When I studied philosophy in graduate school, I took some courses in "epistemology," or the theory of knowledge. These courses would discuss things like "what can we know?" "what is truth?" and the like. In the Greek/Western conception, truth (aletheia) is a property generally ascribed to linguistic states: a proposition p is true if and only if p obtains in the (empirical/observable) world. That is, truth has to do with some sort of correspondence between our thinking (as expressed by language) and states of affairs in the world.
And to some degree, this is surely correct. When we affirm that something is true, we mean that the description we are trying to convey through our language obtains not only for ourselves, but for others who use language in a public way. Language, then, is not a subjective interpretation, but a means of communicating about reality.
The so-called "Greek" conception of truth as a static property that pertains to propositions inevitably led to metaphysical speculations about "essences" and "universals" as something "more real" than the everyday world of particular cats, trees, and water lilies. This perspective found its ultimate expression in Platonism of various kinds. Appearance and reality are two different things, and only by means of abstraction (from the particular to the universal) can the truth about ultimate reality be known.
Philosophers have finessed these ideas over the centuries, but in our postmodern age have largely abandoned the idea that there is an "objective truth" that is uncolored by the bias of the interpreter. Cynically, all truth claims are on par epistemologically, since knowledge (being traditionally understood as "justified, true belief") is never entirely justified (since it always has a "subtext" that disguises the motive for power), nor true (since the appeal to truth is little more than the rationalization of one's interest), and perhaps does not even constitute a belief (since belief is largely an unconscious matter that is not shaped by rational endeavor). This progression can be seen coming from Immanuel Kant (1724-1804) that blossomed into the ruminations of Ludwig Wittgenstein (1889- 1951) and the "deconstruction" of Michael Foucault (1926-1984).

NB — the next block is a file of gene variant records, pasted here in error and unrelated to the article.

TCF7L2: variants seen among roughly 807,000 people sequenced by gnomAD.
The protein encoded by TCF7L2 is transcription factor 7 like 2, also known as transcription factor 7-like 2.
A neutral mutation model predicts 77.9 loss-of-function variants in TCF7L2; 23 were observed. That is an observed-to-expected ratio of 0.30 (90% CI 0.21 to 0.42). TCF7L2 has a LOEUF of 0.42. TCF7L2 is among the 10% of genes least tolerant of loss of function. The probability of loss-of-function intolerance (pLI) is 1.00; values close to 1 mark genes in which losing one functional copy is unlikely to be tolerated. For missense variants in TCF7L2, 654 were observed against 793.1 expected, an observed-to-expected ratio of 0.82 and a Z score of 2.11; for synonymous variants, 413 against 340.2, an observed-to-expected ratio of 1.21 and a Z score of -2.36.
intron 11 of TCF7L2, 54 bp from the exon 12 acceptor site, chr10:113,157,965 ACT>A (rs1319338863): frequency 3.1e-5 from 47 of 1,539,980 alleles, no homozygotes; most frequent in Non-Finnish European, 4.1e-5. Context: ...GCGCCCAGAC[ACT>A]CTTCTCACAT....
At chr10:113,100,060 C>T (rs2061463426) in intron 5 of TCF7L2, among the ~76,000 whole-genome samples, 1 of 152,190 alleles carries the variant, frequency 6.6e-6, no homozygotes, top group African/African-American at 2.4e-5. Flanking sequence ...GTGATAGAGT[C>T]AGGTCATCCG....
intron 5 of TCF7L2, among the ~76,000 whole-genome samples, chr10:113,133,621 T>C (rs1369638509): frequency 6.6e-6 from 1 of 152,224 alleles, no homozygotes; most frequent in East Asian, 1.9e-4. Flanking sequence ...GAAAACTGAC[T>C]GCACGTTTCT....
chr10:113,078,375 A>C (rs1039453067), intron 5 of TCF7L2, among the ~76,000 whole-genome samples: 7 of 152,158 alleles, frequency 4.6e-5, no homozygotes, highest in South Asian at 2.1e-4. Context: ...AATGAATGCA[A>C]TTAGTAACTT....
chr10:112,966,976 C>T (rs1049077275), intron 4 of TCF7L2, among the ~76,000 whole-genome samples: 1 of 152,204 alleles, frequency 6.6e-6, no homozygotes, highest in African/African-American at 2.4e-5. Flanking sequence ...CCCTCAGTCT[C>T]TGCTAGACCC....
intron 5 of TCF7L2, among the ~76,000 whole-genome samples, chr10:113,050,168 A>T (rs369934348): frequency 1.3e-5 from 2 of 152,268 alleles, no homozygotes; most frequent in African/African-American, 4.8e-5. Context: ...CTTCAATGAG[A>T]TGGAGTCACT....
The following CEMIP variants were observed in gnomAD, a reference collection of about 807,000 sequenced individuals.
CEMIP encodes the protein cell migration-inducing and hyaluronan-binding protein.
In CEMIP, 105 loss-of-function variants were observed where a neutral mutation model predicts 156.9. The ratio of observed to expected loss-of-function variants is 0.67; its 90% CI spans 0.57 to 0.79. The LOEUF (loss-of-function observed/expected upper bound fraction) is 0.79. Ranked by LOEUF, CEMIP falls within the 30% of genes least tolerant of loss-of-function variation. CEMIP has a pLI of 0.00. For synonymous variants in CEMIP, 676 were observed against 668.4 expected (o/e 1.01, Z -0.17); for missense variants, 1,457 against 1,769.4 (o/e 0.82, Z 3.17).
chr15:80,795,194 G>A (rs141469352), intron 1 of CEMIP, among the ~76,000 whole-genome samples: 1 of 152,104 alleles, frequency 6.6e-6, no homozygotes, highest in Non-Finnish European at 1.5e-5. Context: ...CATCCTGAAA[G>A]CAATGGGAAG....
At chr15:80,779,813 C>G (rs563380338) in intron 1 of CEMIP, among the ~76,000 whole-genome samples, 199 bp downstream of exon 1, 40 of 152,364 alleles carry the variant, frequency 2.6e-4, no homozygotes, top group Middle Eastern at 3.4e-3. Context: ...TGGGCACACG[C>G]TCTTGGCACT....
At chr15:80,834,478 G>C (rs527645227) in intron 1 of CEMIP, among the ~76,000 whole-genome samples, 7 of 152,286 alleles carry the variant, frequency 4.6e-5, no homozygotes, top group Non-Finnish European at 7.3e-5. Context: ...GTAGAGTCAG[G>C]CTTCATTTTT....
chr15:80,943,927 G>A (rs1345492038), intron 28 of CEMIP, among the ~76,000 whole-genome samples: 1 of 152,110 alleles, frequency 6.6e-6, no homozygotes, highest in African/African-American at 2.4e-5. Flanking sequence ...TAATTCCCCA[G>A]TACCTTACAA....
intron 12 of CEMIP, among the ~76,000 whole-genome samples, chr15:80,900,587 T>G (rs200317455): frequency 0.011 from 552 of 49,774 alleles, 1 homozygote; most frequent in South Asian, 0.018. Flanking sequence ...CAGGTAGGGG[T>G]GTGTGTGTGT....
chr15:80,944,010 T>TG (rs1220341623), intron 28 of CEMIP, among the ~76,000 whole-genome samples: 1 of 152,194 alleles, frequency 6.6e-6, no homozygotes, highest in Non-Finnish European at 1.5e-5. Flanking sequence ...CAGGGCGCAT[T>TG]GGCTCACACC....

The Hebraic conception of truth, while not denying the importance of correspondence, seems to have a different focus. The Greek conception of truth as a static property that pertains to propositions inevitably led to metaphysical speculations about "essences" and "universals." The Hebrew mind, on the other hand, seemed more focused on the dynamic, the changing, and the idea that truth involved the formation of the character of the person -- and the restoration of the world. Especially in relation to God, to Whom the Jew must give account, the nature of truth becomes grounded in the moments of decision encountered in one's life. Shall I steal? Shall I turn a blind eye to social injustice? etc.
The Seal of Truth
The Jewish sages sometimes say "the seal of God is truth," since the final letters of the three words that conclude the account of creation -- bara Elohim la'asot ("God created to do" [Genesis 2:3])--spell emet:
In other words, God created reality "to do" (la'asot), which has come to be interpreted by the sages as meaning that it is our responsibility, as God's creatures, to complete the "doing" of His Creation (tikkun Olam). Truth is about doing, not being...
Note that the "Seal of God" is not just a matter of sincerity. It is rather a matter of being true in the sense that you are living it, you are being with it, you are part of it. You exist inside this truth as a passion and this truth informs all of the decisions you make in life. You therefore embody the truth and follow it in all your endeavors. In this sense Yeshua the Mashiach is the Truth, since in Him there was no mismatch between who He is and what He said. He is utterly trustworthy. His actions and speech are one and are entirely reliable. Jesus is the "Seal of God," the one who authoritatively names of all creation, and His followers likewise should evidence this in their lives.
Truth Encompasses All
In Hebrew, the word for truth, emet (אֱמֶת), contains the first, middle, and the last letter of the Hebrew alphabet, indicating that truth encompasses all things and endures from the beginning (א) to the end (ת):
But notice that if we remove the letter Aleph from the word, we are left with the word "dead" (i.e., met: מֵת), the opposite of life (i.e., chayim: חַיִּים). The letter Aleph is the ineffable letter that represents oneness and preeminent glory of God. Therefore, if we attempt to ignore or suppress God in our understanding of truth, we end up with death. And since Yeshua told us, "I am the way (הַדֶּרֶךְ), the truth (הָאֱמֶת), and the life (הַחַיִּים); no one comes to Father apart from me" (John 14:6), those who deny His reality are in a state of spiritual death... We simply cannot know the meaning of life apart from the Person and Glory of Yeshua our Messiah!
Since truth is all-encompassing, there is always a place for it to be practiced -- there is literally no place or experience that is exempted from its presence -- and therefore, there is always the demand to live in its light. Indeed, God Himself is called the Spirit of Truth (Ruach HaEmet) (John 14:7, 15:26, 16:13).
The word emet comes from a verb (aman) that means to support or make firm, and expresses the image of strong arms of a parent supporting the helpless infant. Truth stands in active relation to the one who is supposed to know it and "carries the burden," so to speak, by being the foundation of one's existence in creation.